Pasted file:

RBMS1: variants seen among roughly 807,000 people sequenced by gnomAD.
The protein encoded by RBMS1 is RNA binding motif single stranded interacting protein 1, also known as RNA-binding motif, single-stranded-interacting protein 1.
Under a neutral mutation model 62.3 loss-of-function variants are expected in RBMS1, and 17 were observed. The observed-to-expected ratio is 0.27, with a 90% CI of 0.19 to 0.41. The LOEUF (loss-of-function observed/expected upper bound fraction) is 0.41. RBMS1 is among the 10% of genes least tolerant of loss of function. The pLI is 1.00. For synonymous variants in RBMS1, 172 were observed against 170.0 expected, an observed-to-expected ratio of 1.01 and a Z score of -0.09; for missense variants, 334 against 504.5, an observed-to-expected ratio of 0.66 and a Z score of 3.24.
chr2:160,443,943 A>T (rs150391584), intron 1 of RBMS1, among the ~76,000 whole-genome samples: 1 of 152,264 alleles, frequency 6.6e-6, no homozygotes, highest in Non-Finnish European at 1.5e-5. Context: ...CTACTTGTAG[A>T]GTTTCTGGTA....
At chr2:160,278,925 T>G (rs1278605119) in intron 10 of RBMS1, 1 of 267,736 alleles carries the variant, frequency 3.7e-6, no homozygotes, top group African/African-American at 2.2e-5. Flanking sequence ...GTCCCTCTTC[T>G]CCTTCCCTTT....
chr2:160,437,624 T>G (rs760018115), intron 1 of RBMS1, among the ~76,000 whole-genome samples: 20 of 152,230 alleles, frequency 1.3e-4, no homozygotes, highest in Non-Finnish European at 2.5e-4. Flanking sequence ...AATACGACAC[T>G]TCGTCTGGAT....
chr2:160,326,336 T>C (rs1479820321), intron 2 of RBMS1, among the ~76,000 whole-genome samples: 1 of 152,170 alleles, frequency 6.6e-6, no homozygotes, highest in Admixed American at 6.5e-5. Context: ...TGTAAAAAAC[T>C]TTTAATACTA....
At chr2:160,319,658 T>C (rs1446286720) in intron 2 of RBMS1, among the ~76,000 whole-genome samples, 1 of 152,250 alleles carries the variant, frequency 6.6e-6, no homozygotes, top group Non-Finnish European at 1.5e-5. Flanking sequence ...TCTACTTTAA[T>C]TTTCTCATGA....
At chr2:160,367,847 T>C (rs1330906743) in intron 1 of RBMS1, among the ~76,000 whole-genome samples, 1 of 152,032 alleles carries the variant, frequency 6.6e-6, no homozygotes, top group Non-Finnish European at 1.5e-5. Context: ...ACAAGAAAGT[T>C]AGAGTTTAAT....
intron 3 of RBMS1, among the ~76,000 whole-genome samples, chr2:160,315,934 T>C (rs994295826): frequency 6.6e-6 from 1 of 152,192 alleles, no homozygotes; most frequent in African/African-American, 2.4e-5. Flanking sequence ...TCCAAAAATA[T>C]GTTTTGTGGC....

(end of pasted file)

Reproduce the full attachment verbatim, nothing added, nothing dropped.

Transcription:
RBMS1: variants seen among roughly 807,000 people sequenced by gnomAD.
The protein encoded by RBMS1 is RNA binding motif single stranded interacting protein 1, also known as RNA-binding motif, single-stranded-interacting protein 1.
Under a neutral mutation model 62.3 loss-of-function variants are expected in RBMS1, and 17 were observed. The observed-to-expected ratio is 0.27, with a 90% CI of 0.19 to 0.41. The LOEUF (loss-of-function observed/expected upper bound fraction) is 0.41. RBMS1 is among the 10% of genes least tolerant of loss of function. The pLI is 1.00. For synonymous variants in RBMS1, 172 were observed against 170.0 expected, an observed-to-expected ratio of 1.01 and a Z score of -0.09; for missense variants, 334 against 504.5, an observed-to-expected ratio of 0.66 and a Z score of 3.24.
chr2:160,443,943 A>T (rs150391584), intron 1 of RBMS1, among the ~76,000 whole-genome samples: 1 of 152,264 alleles, frequency 6.6e-6, no homozygotes, highest in Non-Finnish European at 1.5e-5. Context: ...CTACTTGTAG[A>T]GTTTCTGGTA....
At chr2:160,278,925 T>G (rs1278605119) in intron 10 of RBMS1, 1 of 267,736 alleles carries the variant, frequency 3.7e-6, no homozygotes, top group African/African-American at 2.2e-5. Flanking sequence ...GTCCCTCTTC[T>G]CCTTCCCTTT....
chr2:160,437,624 T>G (rs760018115), intron 1 of RBMS1, among the ~76,000 whole-genome samples: 20 of 152,230 alleles, frequency 1.3e-4, no homozygotes, highest in Non-Finnish European at 2.5e-4. Flanking sequence ...AATACGACAC[T>G]TCGTCTGGAT....
chr2:160,326,336 T>C (rs1479820321), intron 2 of RBMS1, among the ~76,000 whole-genome samples: 1 of 152,170 alleles, frequency 6.6e-6, no homozygotes, highest in Admixed American at 6.5e-5. Context: ...TGTAAAAAAC[T>C]TTTAATACTA....
At chr2:160,319,658 T>C (rs1446286720) in intron 2 of RBMS1, among the ~76,000 whole-genome samples, 1 of 152,250 alleles carries the variant, frequency 6.6e-6, no homozygotes, top group Non-Finnish European at 1.5e-5. Flanking sequence ...TCTACTTTAA[T>C]TTTCTCATGA....
At chr2:160,367,847 T>C (rs1330906743) in intron 1 of RBMS1, among the ~76,000 whole-genome samples, 1 of 152,032 alleles carries the variant, frequency 6.6e-6, no homozygotes, top group Non-Finnish European at 1.5e-5. Context: ...ACAAGAAAGT[T>C]AGAGTTTAAT....
intron 3 of RBMS1, among the ~76,000 whole-genome samples, chr2:160,315,934 T>C (rs994295826): frequency 6.6e-6 from 1 of 152,192 alleles, no homozygotes; most frequent in African/African-American, 2.4e-5. Flanking sequence ...TCCAAAAATA[T>C]GTTTTGTGGC....